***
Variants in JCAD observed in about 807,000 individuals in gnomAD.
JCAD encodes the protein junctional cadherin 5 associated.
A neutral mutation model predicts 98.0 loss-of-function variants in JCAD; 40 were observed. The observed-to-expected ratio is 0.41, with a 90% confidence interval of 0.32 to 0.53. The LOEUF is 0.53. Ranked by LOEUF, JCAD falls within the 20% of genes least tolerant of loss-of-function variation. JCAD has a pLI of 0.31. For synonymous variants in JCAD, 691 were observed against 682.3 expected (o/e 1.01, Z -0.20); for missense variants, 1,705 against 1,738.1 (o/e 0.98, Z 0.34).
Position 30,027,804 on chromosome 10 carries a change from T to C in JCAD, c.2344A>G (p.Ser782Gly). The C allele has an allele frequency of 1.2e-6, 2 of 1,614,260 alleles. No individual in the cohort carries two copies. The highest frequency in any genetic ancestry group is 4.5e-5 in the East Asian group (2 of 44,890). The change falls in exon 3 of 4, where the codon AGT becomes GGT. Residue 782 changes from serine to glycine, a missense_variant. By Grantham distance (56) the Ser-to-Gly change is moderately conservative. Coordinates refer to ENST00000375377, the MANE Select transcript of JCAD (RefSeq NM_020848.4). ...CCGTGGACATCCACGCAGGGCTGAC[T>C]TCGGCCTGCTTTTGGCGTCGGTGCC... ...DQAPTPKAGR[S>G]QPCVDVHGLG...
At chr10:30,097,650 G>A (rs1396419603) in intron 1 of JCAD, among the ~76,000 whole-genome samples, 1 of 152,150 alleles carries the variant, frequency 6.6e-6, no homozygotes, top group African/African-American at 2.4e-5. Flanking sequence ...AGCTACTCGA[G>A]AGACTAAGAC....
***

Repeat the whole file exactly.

Variants in JCAD observed in about 807,000 individuals in gnomAD.
JCAD encodes the protein junctional cadherin 5 associated.
A neutral mutation model predicts 98.0 loss-of-function variants in JCAD; 40 were observed. The observed-to-expected ratio is 0.41, with a 90% confidence interval of 0.32 to 0.53. The LOEUF is 0.53. Ranked by LOEUF, JCAD falls within the 20% of genes least tolerant of loss-of-function variation. JCAD has a pLI of 0.31. For synonymous variants in JCAD, 691 were observed against 682.3 expected (o/e 1.01, Z -0.20); for missense variants, 1,705 against 1,738.1 (o/e 0.98, Z 0.34).
Position 30,027,804 on chromosome 10 carries a change from T to C in JCAD, c.2344A>G (p.Ser782Gly). The C allele has an allele frequency of 1.2e-6, 2 of 1,614,260 alleles. No individual in the cohort carries two copies. The highest frequency in any genetic ancestry group is 4.5e-5 in the East Asian group (2 of 44,890). The change falls in exon 3 of 4, where the codon AGT becomes GGT. Residue 782 changes from serine to glycine, a missense_variant. By Grantham distance (56) the Ser-to-Gly change is moderately conservative. Coordinates refer to ENST00000375377, the MANE Select transcript of JCAD (RefSeq NM_020848.4). ...CCGTGGACATCCACGCAGGGCTGAC[T>C]TCGGCCTGCTTTTGGCGTCGGTGCC... ...DQAPTPKAGR[S>G]QPCVDVHGLG...
At chr10:30,097,650 G>A (rs1396419603) in intron 1 of JCAD, among the ~76,000 whole-genome samples, 1 of 152,150 alleles carries the variant, frequency 6.6e-6, no homozygotes, top group African/African-American at 2.4e-5. Flanking sequence ...AGCTACTCGA[G>A]AGACTAAGAC....